Spotting the signs of mental health issues

This year has been a challenging year for every one of us. With so much change and uncertainty it’s normal to feel anxious or low at times. However, it’s also true that 1 in 4 people will experience a mental health problem of some kind each year. In these cases, getting the right support early is crucial for making a full recovery. 

So how do you know what falls within the ‘normal’ range of emotional reactions when adapting to challenging circumstances and what means it’s time to seek help for your mental health?

The importance of self-awareness

When it comes to monitoring our mental health, self-awareness is key. You can’t fix a problem unless you know there’s a problem. But unlike our physical health, where it is often more obvious when something’s wrong, the signs and symptoms of mental health problems can be less obvious and harder to detect. 

Another factor that can complicate things is that, while we talk about what’s normal and what’s not, everybody’s ‘normal’ is different. That’s why it’s so important to be self-aware when it comes to your mental health and regularly check in with yourself. You’re the expert on you and, as long as you’re practicing self-awareness, you’ll be in the best position to judge when the balance has tipped and you’re struggling with your mental health.

Common signs of mental health problems

To help you figure out when to reach out for help when it comes to your mental health, we’ve put together a list of common signs of mental health problems.

Feeling anxious or worried

If you find it hard to stop worrying, spend long periods of time worrying or have been worrying on most days for the last two weeks, this can be an indication that it’s time to seek help.
Having low mood or often feeling unhappy

Everybody feels sad sometimes and has days when they feel off or down. Usually, these feelings will pass within a short time. However, if you’re feeling sad, unhappy or down for longer periods. or if the feelings are more intense than usual and you’re having difficulty improving your mood, then this could be a sign of a mental health problem. 

Finding it difficult to concentrate or remember things

Common mental health problems like anxiety and depression can interfere with our ability to focus and process information. You might notice that you find it hard to pay attention at work or concentrate on tasks for longer periods, are easily distracted, or have trouble remembering recent events, situations, or future plans.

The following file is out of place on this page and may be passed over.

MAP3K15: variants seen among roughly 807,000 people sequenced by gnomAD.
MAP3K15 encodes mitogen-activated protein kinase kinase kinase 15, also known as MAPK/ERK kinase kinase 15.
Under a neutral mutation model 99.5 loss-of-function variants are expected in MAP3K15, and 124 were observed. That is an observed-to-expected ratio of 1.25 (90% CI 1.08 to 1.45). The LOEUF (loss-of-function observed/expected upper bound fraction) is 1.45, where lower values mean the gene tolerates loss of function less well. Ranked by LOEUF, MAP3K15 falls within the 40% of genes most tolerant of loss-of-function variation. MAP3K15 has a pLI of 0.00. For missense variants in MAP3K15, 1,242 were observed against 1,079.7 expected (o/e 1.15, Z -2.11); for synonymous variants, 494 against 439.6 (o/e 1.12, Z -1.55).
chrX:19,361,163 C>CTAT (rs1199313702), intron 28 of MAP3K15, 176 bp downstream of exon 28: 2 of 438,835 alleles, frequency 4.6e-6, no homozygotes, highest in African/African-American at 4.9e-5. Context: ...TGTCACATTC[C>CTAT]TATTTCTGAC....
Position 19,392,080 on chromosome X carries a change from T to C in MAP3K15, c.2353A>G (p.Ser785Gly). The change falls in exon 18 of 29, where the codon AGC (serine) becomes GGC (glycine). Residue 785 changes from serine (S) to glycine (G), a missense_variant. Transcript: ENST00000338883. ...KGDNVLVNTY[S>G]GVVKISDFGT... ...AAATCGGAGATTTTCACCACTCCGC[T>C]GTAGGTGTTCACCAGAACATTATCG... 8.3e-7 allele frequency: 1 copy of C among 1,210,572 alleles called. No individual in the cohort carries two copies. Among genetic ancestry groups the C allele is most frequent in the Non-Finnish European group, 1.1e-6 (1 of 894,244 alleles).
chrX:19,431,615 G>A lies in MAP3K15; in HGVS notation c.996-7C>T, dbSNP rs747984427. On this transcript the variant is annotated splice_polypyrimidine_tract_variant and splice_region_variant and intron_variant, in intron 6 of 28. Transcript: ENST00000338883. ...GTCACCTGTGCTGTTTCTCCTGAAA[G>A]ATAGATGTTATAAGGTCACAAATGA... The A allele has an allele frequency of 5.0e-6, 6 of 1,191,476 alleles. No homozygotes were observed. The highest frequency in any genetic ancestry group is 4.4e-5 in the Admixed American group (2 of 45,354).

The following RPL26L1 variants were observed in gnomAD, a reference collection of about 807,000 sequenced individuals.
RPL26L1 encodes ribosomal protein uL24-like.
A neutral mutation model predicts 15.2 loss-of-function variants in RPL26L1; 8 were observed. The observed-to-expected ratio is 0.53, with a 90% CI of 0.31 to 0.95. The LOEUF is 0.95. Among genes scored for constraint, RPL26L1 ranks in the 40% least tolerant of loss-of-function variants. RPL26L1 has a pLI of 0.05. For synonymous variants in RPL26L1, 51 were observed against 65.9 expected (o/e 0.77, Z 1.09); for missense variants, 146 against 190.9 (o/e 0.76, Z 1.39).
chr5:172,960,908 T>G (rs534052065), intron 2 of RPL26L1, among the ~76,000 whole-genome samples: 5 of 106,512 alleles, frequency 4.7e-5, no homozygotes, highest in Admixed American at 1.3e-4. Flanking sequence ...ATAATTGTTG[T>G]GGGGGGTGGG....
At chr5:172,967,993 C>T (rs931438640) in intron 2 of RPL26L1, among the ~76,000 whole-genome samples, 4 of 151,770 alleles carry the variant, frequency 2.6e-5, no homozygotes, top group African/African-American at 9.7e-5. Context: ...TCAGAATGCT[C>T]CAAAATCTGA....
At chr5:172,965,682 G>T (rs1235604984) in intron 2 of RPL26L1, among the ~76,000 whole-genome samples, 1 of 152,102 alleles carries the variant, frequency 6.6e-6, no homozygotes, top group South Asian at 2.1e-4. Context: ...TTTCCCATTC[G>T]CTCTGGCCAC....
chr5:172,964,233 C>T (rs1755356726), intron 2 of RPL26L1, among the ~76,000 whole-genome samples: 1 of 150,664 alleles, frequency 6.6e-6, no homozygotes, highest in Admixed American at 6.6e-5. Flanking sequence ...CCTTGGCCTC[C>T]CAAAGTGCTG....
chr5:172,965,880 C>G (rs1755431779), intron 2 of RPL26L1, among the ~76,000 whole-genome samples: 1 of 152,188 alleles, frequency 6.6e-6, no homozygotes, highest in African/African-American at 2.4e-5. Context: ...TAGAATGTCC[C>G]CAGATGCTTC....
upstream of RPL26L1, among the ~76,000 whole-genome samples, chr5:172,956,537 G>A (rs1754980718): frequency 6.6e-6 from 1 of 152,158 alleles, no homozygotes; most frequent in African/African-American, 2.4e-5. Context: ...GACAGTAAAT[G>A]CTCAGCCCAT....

Sleep problems

While issues with sleep are relatively common and can affect anyone, research has shown that either sleeping too much or too little is three times more likely in people who have a mental health problem.  

Changes in your mood

While it’s healthy to experience a range of emotions and for our moods to change throughout the day, more extreme changes shouldn’t be ignored. For example, if you notice that your moods are changing more frequently and dramatically than usual, or intense emotions like sadness, anger or euphoria, that don’t seem to fit what’s happening around you.

Changes in your weight or appetite 

Mental health problems can affect our appetite and weight in various ways. Look out for changes like loss of appetite, increased appetite, weight gain, weight loss, and behaviours like restricting your food intake, eating for comfort or binge eating.

Feeling teary

Look out for things like crying more often than usual, becoming easily upset or feeling tearful or crying without knowing why.

Becoming isolated and withdrawn 

Spending some time alone can be good for your mental health but if you’re actively avoiding contact with others, for example by making excuses not to connect with people or not replying to people’s messages or calls than this could be a sign of mental health problem. This is harder to gauge during lockdown as inevitably we are more restricted in how we interact with others. Ask yourself, “Is how I’m feeling getting in the way of connecting to others?”

Feeling guilty or worthless

These feelings can often show up as thoughts about being a bad person, not being good enough, or that other people deserve positive experiences more than you. You might also notice a sick feeling in the pit of your stomach, worry about what other people think of you and that you are avoiding interactions with others.

Problems managing your money

Again, this can be harder to gauge in the current circumstances with many people’s financial security being affected by COVID-19. Think about how you’re managing your money more generally. For example, are you spending more than usual, spending impulsively or is how you’re feeling interfering with your ability to earn money?

Having suicidal thoughts

If you’re having thoughts about self-harm or ending your life, please reach out for help.

Putting it all into context

Now, experiencing some of these symptoms from time to time doesn’t necessarily mean that you have a mental health problem. 

When you’re deciding whether to seek help for your mental health it can be helpful to read through the list of common signs above and then ask yourself these questions:

How many of these symptoms am I experiencing?

How often and for how long have I been experiencing these symptoms?

Are these symptoms getting in the way of my ability to carry out normal daily activities?

If you’re experiencing several of the symptoms, have had them consistently for a period of two weeks or longer, or they’re getting in the way of daily activities like taking care of yourself, household tasks, work or the things you usually enjoy, then make an appointment to speak to your GP. Your GP will talk to you about how you’re feeling and advise you on the treatment and support options available, such as medication, self-help and talking therapies.